By CHET BROKAW and THOMAS BEAUMONT, Associated Press
SIOUX FALLS, S.D. (AP) — The anticipated retirement announcement from South Dakota Sen. Tim Johnson gives Republicans one of their best chances of picking up a seat in their quest to regain control, as the veteran moderate Democrat steps aside.
Johnson, the chairman of the Senate Banking Committee, is expected to say Tuesday afternoon that he will not seek a fourth term in the Senate next year.
The fifth Senate Democrat to call it quits, Johnson was facing a potentially difficult challenge from popular Republican Gov. Mike Rounds and still coping with the constraints of a 2006 brain hemorrhage that left his speech impaired and limited his mobility. The absence of the well-funded former congressman who has never lost an election in this GOP-trending state pushed the race to the top of the priority list, Republican strategists said.
"I believe South Dakota moves into the top slot as the most likely Republican pickup," said Greg Strimple, a Republican pollster and past consultant to the National Republican Senatorial Committee.
Johnson was scheduled to speak Tuesday at the University of South Dakota in Vermillion.
For weeks, Johnson's longtime aides and allies have suggested the 66-year-old would step down in 2014, despite his return to the Senate after the life-threatening hemorrhage. His recovery has been significant, though his speech remains impaired and he sometimes uses a motorized scooter.
Johnson's re-election in 2008 after the brain injury sealed his reputation for resilience. But long before, he had established a profile as a loyal Democrat but with an independent streak that made him a formidable candidate. He won re-election to the Senate against the popular Republican U.S. Rep. John Thune, now South Dakota's senior senator, after voting against the resolution to authorize the use of military force in Iraq and despite campaigning for Thune by Republican President George W. Bush.
Johnson has sided with Democrats on key issues such as the 2010 Affordable Care Act. He also has been an environmental advocate. But he has supported the Keystone XL oil pipeline, which is mapped to cross South Dakota and fiercely opposed by environmentalists.
He also has $1.2 million in his re-election campaign account, a healthy nest egg for a state where television advertising is relatively inexpensive. He retains a robust fundraising network, thanks to his deep-pocketed committee connections.
Despite those advantages, Johnson joins Democratic Sens. Carl Levin of Michigan, Tom Harkin of Iowa, Jay Rockefeller of West Virginia, and Frank Lautenberg of New Jersey as seasoned and influential Democrats departing the chamber, where Republicans need to gain six seats to take control. Among those states, West Virginia was carried by Republican presidential candidate Mitt Romney last year.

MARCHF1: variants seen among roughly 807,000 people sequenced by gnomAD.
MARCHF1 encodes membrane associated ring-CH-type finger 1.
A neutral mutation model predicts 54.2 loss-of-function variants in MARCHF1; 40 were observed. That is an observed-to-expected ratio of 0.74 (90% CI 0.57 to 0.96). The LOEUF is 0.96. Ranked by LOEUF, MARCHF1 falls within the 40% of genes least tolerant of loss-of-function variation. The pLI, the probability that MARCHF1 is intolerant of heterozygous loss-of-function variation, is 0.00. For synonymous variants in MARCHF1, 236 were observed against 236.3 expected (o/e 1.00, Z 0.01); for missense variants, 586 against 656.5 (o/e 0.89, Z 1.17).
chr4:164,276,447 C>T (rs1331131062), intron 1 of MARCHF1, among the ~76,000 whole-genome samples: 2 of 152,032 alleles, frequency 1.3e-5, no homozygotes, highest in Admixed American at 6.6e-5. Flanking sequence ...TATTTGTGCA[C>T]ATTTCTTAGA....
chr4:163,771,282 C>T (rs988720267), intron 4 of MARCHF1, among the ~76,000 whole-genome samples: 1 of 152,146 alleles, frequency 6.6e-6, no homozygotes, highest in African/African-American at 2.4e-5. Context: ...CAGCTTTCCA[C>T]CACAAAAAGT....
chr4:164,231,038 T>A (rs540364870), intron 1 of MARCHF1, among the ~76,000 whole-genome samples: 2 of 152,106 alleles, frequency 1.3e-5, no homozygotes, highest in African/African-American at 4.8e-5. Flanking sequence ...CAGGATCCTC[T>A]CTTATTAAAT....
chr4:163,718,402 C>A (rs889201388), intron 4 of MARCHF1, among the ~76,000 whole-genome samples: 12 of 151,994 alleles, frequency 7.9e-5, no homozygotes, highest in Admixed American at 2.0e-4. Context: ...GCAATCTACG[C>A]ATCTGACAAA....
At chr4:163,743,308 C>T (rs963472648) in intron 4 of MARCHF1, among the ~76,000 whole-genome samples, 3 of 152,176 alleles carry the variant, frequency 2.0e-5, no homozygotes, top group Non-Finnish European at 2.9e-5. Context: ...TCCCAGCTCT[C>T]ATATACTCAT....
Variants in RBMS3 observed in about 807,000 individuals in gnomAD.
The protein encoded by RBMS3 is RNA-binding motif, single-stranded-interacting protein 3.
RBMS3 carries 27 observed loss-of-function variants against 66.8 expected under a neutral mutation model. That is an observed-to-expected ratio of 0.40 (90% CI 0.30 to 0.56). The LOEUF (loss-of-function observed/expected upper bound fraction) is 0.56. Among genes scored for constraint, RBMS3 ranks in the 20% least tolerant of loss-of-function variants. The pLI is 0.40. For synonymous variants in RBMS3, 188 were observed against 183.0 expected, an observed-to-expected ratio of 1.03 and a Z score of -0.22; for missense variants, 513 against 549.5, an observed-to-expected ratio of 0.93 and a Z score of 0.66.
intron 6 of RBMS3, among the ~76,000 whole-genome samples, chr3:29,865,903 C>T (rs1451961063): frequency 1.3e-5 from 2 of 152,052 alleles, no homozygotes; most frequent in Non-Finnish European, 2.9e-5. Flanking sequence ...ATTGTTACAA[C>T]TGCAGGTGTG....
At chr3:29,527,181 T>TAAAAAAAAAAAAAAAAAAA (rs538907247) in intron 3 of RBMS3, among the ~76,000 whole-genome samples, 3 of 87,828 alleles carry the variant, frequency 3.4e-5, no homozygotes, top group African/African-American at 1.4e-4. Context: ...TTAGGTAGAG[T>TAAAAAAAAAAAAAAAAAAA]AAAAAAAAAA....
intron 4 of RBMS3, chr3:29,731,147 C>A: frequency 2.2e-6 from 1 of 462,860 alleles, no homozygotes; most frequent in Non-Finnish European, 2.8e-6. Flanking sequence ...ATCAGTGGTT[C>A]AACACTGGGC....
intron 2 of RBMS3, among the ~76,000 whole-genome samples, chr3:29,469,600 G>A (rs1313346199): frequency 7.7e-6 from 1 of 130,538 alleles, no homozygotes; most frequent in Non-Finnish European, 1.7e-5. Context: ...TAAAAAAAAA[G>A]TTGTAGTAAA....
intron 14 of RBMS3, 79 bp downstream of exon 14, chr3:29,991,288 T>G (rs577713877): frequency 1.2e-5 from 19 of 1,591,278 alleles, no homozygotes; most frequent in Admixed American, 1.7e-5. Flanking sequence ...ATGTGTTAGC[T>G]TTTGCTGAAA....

Two Republican senators have announced their retirements, both in Republican-performing states Georgia and Nebraska.
South Dakota, a reliably independent state just a decade ago, has trended sharply Republican in the past decade. Where Democrats once boasted two influential Democratic senators, Republicans now control the Legislature, governorship, the lone U.S. House seat and the other Senate seat.
But Democrats dismissed the notion that Johnson's retirement opens the door for a GOP senator. In last November's election, some Republican Senate candidates who appeared to be the heavy favorites ended up losing to Democratic rivals — including Rick Berg, who lost to Heidi Heitkamp in neighboring North Dakota.
"I reject the idea that somehow the Republicans have a lock on this state," South Dakota Democratic Party Chairman Ben Nesselhuf said. "By no means is this an impossible task, or even improbable."
Devotees say Johnson's personality — reserved and contemplative — has been the key to the respect and influence he has amassed.
Bernie Hunhoff, minority leader in the South Dakota House, described Johnson as a pioneering advocate for women's and children's issues during his early days in the state Legislature. Johnson set the standard for Democrats, by staying true to progressive principles, while also reaching out across the electorate in a politically diverse state, said Hunhoff.